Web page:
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Cold pizza. Cold.

Say what you will about Wheaties—cold pizza truly is the breakfast of champions.

By “cold,” I mean room temperature. I let the leftover pizza sit in the box overnight. The box acts like a cardboard incubator, and next day, the slices are ready to eat. Get up mid-morning or so, and your choice is between breakfast foods or cold pizza. If it’s a cheese-and-pepperoni pizza, I go for the slices every time.

My wife, who is a vegetarian, won’t eat pepperoni, so we eat veggie pizza, with toppings like thin tomato slices, mushrooms, onion, green pepper, banana peppers and black olives. I don’t like cold veggie pizza at room temperature, not this time of year. I’d rather heat it up, crisp it a bit. But in the summer, leftover veggie pizza that’s cooled on a plate overnight in the fridge is the best, especially on a hot day. Try it next summer.

I keep telling the guy who owns my favorite pizzeria to try selling veggie slices right out of the cooler in the summer, but he doesn’t think it’s a good idea. Reminds me of the time I told the owner of my favorite sub shop that he should try selling a bacon, lettuce and tomato sub in the summer. Well, he said in that stretch-this-single-syllable-word-out-so-far-it-takes-five-seconds-to-say-it-and-it-really-says-“no” drawl, he’d have to think about it. Cost of the bacon and all that. Six months later it was on the menu, and it stayed there. (Insert italicized Latin phrase here for “I told you so.”)


Yesterday, a colleague and I who team-taught the course gave our final in Media Ethics. The final consisted of watching the movie “Network,” which was virtually a summary-on-film of much of what we discussed in class all semester. I actually hadn’t seen the movie before, because I don’t like watching movies that are set in newspapers, television stations, etc., because when I was in the newspaper business, I dealt virtually every day with the forces of greed that are at the heart of the movie. And when I left the business, the film was so old that it had dropped off my radar screen. (Incidentally, I keep my radar screen in the cellar, under the pool table but on wheels so I can pull it out and see what’s on it every now and then. The last time I looked at the radar screen, I saw my cat had been downstairs and gacked a hairball the size of a candy bar on it. The hairball did not remain on my radar screen very long.)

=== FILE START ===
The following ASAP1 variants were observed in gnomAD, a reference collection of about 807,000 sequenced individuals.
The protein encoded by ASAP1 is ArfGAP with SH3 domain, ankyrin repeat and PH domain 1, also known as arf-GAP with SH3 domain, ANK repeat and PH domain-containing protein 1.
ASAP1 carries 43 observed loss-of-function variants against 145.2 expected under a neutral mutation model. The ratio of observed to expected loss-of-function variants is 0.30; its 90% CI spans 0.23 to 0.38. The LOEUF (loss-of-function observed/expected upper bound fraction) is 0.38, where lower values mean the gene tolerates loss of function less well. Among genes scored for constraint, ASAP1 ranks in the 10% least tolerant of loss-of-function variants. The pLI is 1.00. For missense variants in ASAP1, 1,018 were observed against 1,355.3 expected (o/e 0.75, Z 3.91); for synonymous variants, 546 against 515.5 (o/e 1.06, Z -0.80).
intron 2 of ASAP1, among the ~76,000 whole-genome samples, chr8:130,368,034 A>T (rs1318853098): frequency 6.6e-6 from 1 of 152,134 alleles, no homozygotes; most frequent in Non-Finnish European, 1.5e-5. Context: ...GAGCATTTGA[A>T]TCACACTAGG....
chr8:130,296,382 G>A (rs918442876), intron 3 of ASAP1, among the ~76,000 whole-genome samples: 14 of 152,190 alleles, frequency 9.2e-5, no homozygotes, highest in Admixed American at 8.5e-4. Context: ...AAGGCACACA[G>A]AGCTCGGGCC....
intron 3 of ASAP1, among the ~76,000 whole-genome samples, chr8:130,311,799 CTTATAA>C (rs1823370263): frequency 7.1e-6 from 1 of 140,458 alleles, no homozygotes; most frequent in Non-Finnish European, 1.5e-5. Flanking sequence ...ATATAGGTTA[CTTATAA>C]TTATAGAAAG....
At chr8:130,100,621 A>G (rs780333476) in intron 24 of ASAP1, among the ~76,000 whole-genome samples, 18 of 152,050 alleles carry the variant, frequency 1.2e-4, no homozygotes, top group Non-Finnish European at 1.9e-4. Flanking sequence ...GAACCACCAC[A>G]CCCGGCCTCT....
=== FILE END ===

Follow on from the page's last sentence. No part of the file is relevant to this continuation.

(Back to our story, already in progress.)
Before we showed “Network” yesterday, we served pizza. Turns out the cheese-and-pepperoni pie went quickly; the veggie pie, not so quick, which surprised me because I thought there would be more students in the class who try to eat healthier or were vegetarians and so would prefer a vegetarian pie. I suppose I could have played journalist and, say, asked them, but my brain is barely functioning as my body crawls like a dehydrated runner to the finish line of a marathon semester.

At the end of the movie, two slices of vegetarian pie remained, so I put them in the box and put them out in my pickup truck out in the parking lot. It was somewhere between 11 and 16 degrees yesterday, so the pizza got chilled right quick. And then, with the idea that those two slices were going to be the coldest cold pizza I’d ever eaten, I left them in the car overnight. It probably got down to around 12. This morning, the mercury spiked to a balmy 17.

Lunch rolled around, and I fetched the pizza from the truck. It was too cold to taste the vegetables. Sadly, it was pretty bland. And it was also partially frozen. It was the texture of, say, Italian ice—a smooth but fine-grained freeze cold enough to hurt my teeth. But I ate it all anyway.

During this frost-jaw munching, though, I had a great idea. In the summer, instead of putting pizzas in his cooler, my pizzeria-owning friend should put the pizza in his freezer overnight, take the slices out, cut them into smaller wedges, and then impale them on flat wooden stick.


Remember where you heard that idea first.


( 10 comments — Leave a comment )
Dec. 16th, 2010 08:07 am (UTC)
If you ever need to unload some unclaimed pizza, feel free to track me down...
Dec. 16th, 2010 02:36 pm (UTC)
I'll e-mail it to you as an attachment.
Dec. 16th, 2010 02:30 pm (UTC)
Whenever I see "pizza" and "breakfast" in the same sentence I think of the Pizza's Not For Breakfast video (warning: parody of domestic violence)

Personally I'm all for pizza for breakfast, though the cheese tends to feel nasty when it's cold. I'd rather heat it up and have melty cheese again.
Dec. 16th, 2010 08:19 pm (UTC)
Pizza certainly is for breakfast. Send the guy with the belt over my way and I'll show him.

I like the cheese when it has solidified, and solidified cheese is endorsed by the American College of Cardiologists.
Dec. 16th, 2010 11:18 pm (UTC)
Solidifies in your fridge, not in your arteries! *ding~*
Dec. 16th, 2010 07:58 pm (UTC)
I love cold pizza but pizzasicles is not doing it for me.
Dec. 16th, 2010 08:15 pm (UTC)
C'mon—you haven't even tried one.
Dec. 17th, 2010 04:07 pm (UTC)
Leftover pizza in the a.m. is hubby's favorite breakfast. Makes no difference the flavor.

How about on a skewer - Pizz-ka-bobs. All the better if your pizzeria-owning friend is named Bob. Except then it would be Pizz-ka-Bob's, right?
Dec. 17th, 2010 04:35 pm (UTC)
What would be really cool is if the pizzas on the skewer were those personal-size pan pizzas. Because the pizza would be cold, you could twirl the skewer to watch the pizza spin. Maybe the pizza toppings could be arranged so they could spell out a word or turn into a picture if the pizza was spinning fast enough.

Dec. 17th, 2010 04:40 pm (UTC)
Well yeah, that could work IF you wear the special decoder glasses that come with the skewers.
( 10 comments — Leave a comment )

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